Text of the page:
Since September 2017, Luciano Piazza and Jesse Lerner have dedicated a series of programs at the Los Angeles Film Forum to Latin American experimental film under the title “Ism, Ism, Ism: Experimental Cinema in Latin America.” As part of their efforts, new, color-corrected copies of LA ZONA INTERTIDAL were produced. This enabled the acquisition of further 16 mm copies for the archives of the Arsenal – Institute for Film and Video Art and the Short Film Festival Oberhausen as part of “Archive außer sich.”

UTVECKLING? (Progress?, Sven Elfström, Sweden 1971, OV/Engl. ST, 5 min)
Sven Elfström (1927-2017) was a full-time manual labourer who started off as a welder at the shipyards in Uddevalla. Eventually he moved to the industrial city of Nynäshamn, south of Stockholm, to work at the manufacturing workshops of the state telecommunications company, Televerket. Elfström began shooting 8mm films at an amateur film club in Uddevalla. When moving to Nynäshamn he acquired a 16mm camera. Most of the eleven films that he made in this format are shot in Nynäshamn; the actors in these films were friends and family. The films were self-financed, shot and edited by himself, often on reversal film stock as this was the cheapest way to make a film. This means that usually neither negatives nor additional copies exist of these films, but merely one original print. UTVECKLING? starts with a fierce critique against capitalism, consumerism and man’s exploitation of the world. Suddenly a shot from a forest changes the pace and our attention is directed towards nature. UTVECKLING?, together with Elfström’s self-published novels and short-stories are with the regional archive at the county of Värmland, Sweden. The digitized copy was made upon a private initiative in collaboration with Filmform, Stockholm.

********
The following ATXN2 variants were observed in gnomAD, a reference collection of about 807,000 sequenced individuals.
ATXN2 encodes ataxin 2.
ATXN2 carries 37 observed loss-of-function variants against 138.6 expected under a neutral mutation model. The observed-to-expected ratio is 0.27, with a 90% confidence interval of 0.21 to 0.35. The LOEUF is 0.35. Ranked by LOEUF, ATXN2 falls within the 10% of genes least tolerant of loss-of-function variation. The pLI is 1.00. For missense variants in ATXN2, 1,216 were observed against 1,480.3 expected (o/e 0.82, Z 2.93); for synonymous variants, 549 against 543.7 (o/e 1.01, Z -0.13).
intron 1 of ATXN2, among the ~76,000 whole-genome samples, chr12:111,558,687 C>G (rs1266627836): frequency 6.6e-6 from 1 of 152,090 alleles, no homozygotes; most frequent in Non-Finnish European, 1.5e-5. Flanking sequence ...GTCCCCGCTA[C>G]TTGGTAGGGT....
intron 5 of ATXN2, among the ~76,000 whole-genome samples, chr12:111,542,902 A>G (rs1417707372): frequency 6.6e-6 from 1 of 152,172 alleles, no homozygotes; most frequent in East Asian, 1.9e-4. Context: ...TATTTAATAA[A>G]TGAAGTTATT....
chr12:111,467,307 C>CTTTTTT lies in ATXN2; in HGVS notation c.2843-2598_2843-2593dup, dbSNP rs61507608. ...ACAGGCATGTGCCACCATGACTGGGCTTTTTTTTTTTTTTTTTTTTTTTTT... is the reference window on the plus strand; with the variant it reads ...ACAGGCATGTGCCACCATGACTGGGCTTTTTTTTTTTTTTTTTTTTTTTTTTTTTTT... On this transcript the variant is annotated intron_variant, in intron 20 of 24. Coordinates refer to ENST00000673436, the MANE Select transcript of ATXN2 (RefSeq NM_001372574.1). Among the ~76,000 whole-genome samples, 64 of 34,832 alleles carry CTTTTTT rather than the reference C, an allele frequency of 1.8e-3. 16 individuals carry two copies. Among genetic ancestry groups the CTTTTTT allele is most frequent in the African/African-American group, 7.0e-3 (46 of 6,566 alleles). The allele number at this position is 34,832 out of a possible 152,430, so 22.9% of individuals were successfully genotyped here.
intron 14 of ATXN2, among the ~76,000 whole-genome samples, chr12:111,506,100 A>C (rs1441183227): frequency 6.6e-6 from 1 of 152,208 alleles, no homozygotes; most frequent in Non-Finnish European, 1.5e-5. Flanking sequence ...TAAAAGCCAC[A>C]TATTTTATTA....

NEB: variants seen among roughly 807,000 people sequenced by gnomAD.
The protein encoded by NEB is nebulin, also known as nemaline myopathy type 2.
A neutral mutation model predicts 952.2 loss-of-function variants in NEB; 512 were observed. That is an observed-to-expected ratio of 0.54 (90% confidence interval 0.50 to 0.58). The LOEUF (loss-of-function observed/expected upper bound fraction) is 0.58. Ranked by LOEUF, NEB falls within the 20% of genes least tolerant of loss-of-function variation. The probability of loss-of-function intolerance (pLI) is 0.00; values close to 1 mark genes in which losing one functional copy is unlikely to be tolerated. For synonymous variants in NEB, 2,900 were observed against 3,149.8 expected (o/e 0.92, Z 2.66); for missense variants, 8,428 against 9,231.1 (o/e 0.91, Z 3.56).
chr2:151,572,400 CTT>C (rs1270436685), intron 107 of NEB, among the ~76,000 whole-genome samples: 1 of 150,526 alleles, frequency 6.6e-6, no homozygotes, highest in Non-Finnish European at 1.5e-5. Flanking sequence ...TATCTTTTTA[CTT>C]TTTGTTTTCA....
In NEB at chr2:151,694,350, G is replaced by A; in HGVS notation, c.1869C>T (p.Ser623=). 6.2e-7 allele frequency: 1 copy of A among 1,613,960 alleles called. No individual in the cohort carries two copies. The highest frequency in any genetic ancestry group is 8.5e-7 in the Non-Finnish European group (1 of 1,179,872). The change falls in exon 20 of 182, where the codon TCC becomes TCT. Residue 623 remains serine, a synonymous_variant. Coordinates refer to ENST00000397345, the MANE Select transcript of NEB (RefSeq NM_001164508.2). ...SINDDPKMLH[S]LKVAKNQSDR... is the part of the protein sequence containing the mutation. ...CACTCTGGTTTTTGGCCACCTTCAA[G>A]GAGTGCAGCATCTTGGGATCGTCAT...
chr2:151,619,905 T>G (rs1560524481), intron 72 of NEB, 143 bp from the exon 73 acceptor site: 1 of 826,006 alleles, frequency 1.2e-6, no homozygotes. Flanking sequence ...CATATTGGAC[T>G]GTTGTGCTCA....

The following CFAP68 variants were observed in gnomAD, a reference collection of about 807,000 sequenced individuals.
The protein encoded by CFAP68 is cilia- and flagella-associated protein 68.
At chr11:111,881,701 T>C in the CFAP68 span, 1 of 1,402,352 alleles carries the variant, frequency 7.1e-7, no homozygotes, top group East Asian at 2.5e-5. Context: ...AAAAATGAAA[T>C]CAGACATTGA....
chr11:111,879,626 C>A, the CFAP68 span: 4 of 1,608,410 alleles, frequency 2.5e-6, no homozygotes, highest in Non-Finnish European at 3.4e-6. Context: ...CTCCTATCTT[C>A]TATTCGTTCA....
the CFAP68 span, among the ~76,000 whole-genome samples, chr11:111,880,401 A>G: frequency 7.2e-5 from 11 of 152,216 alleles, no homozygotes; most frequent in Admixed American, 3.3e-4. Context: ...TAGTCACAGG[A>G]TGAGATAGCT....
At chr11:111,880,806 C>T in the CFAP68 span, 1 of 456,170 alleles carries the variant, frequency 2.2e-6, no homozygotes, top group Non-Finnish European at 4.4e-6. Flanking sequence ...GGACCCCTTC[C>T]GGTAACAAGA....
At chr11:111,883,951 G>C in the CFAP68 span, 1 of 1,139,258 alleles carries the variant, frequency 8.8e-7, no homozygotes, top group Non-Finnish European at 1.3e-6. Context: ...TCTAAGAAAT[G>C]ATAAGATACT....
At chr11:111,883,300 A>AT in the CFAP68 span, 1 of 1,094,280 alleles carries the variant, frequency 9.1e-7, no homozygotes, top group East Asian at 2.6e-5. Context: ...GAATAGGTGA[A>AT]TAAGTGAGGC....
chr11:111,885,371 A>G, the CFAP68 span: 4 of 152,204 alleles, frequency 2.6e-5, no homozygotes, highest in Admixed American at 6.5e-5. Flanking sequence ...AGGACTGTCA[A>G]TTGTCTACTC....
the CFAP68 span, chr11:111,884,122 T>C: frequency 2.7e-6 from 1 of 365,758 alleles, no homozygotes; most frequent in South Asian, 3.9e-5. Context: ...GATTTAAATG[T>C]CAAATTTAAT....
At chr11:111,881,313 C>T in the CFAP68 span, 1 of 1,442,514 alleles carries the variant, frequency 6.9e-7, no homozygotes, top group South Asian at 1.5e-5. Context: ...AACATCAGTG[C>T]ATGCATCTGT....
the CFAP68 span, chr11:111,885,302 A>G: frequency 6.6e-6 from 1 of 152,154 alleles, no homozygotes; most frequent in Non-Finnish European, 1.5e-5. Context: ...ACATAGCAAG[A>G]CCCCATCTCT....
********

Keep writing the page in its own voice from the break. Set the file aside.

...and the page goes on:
LIBER ARCE – LIBERARSE (Mario Handler, Mario Jacob, Marcos Banchero, Uruguay 1969, OV/Engl. ST, 13 min)
LIBER ARCE – LIBERARSE is one of many films that have been archived by both the International Short Film Festival Oberhausen and Arsenal – Institute for Film and Video Art. The film was shown at the Short Film Festival Oberhausen in 1971. Two films by Mario Handler had already been in the festival the previous year: EL PROBLEMA DE LA CARNE (The Problem of Meat, 1969) and ME GUSTAN LOS ESTUDIANTES (I Like the Students, 1968). Liber Arce is the name of a student killed by police during protests in Montevideo, whose subsequent funeral became the largest demonstration the city had seen until then. Handler’s film shows the events leading up to and following the funeral. Its title takes the name of the victim and transforms it into a call to action: liberarse, to free oneself. In Oberhausen, the International Jury of the Association of Film Journalists used LIBER ARCE – LIBERARSE as an opportunity to award “Mario Handler and his film collective” as well as the Colombian Carlos Álvarez and his collective with cash prizes. The jury statement says that the prize was a “political prize” intended to enable both collectives to take “the next step in their struggle.” The award was presumably the reason that a print was acquired for the festival’s archive. In 1973, LIBER ARCE - LIBERARSE was taken into distribution by the Friends of the German Film Archive (today: Arsenal – Institute for Film and Video Art). LIBER ARCE – LIBERARSE as well as ME GUSTAN LOS ESTUDIANTES were digitally restored in 2018 and 2019 in collaboration between Arsenal, the Short Film Festival Oberhausen and Karin and Mario Hanlder and new 35mm negatives and prints were also produced as a safeguard measure.